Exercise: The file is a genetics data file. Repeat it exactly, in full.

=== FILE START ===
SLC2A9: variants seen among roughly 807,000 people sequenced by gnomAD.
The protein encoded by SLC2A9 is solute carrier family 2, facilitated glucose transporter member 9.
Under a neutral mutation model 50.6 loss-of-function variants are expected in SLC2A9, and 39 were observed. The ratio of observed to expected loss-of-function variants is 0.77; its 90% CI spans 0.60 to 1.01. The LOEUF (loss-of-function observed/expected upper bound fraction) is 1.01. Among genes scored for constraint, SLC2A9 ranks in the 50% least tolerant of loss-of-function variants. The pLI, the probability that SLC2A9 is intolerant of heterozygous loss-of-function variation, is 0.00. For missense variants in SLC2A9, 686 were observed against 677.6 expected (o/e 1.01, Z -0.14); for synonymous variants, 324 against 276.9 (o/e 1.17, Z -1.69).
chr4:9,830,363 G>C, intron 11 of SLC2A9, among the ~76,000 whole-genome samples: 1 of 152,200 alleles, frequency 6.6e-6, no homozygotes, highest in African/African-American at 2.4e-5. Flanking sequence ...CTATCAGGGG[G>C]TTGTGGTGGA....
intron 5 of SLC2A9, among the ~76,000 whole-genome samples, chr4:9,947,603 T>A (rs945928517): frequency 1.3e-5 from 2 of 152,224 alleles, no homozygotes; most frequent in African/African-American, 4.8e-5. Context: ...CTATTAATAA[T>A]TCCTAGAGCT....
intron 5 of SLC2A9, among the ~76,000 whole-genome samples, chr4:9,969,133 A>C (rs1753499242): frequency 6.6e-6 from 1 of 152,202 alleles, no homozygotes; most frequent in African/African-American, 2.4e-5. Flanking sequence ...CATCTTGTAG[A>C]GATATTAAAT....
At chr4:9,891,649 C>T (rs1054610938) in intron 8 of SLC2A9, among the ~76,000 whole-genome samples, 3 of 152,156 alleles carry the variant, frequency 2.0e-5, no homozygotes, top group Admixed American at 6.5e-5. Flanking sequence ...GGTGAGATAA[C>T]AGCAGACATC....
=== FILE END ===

SLC2A9: variants seen among roughly 807,000 people sequenced by gnomAD.
The protein encoded by SLC2A9 is solute carrier family 2, facilitated glucose transporter member 9.
Under a neutral mutation model 50.6 loss-of-function variants are expected in SLC2A9, and 39 were observed. The ratio of observed to expected loss-of-function variants is 0.77; its 90% CI spans 0.60 to 1.01. The LOEUF (loss-of-function observed/expected upper bound fraction) is 1.01. Among genes scored for constraint, SLC2A9 ranks in the 50% least tolerant of loss-of-function variants. The pLI, the probability that SLC2A9 is intolerant of heterozygous loss-of-function variation, is 0.00. For missense variants in SLC2A9, 686 were observed against 677.6 expected (o/e 1.01, Z -0.14); for synonymous variants, 324 against 276.9 (o/e 1.17, Z -1.69).
chr4:9,830,363 G>C, intron 11 of SLC2A9, among the ~76,000 whole-genome samples: 1 of 152,200 alleles, frequency 6.6e-6, no homozygotes, highest in African/African-American at 2.4e-5. Flanking sequence ...CTATCAGGGG[G>C]TTGTGGTGGA....
intron 5 of SLC2A9, among the ~76,000 whole-genome samples, chr4:9,947,603 T>A (rs945928517): frequency 1.3e-5 from 2 of 152,224 alleles, no homozygotes; most frequent in African/African-American, 4.8e-5. Context: ...CTATTAATAA[T>A]TCCTAGAGCT....
intron 5 of SLC2A9, among the ~76,000 whole-genome samples, chr4:9,969,133 A>C (rs1753499242): frequency 6.6e-6 from 1 of 152,202 alleles, no homozygotes; most frequent in African/African-American, 2.4e-5. Flanking sequence ...CATCTTGTAG[A>C]GATATTAAAT....
At chr4:9,891,649 C>T (rs1054610938) in intron 8 of SLC2A9, among the ~76,000 whole-genome samples, 3 of 152,156 alleles carry the variant, frequency 2.0e-5, no homozygotes, top group Admixed American at 6.5e-5. Flanking sequence ...GGTGAGATAA[C>T]AGCAGACATC....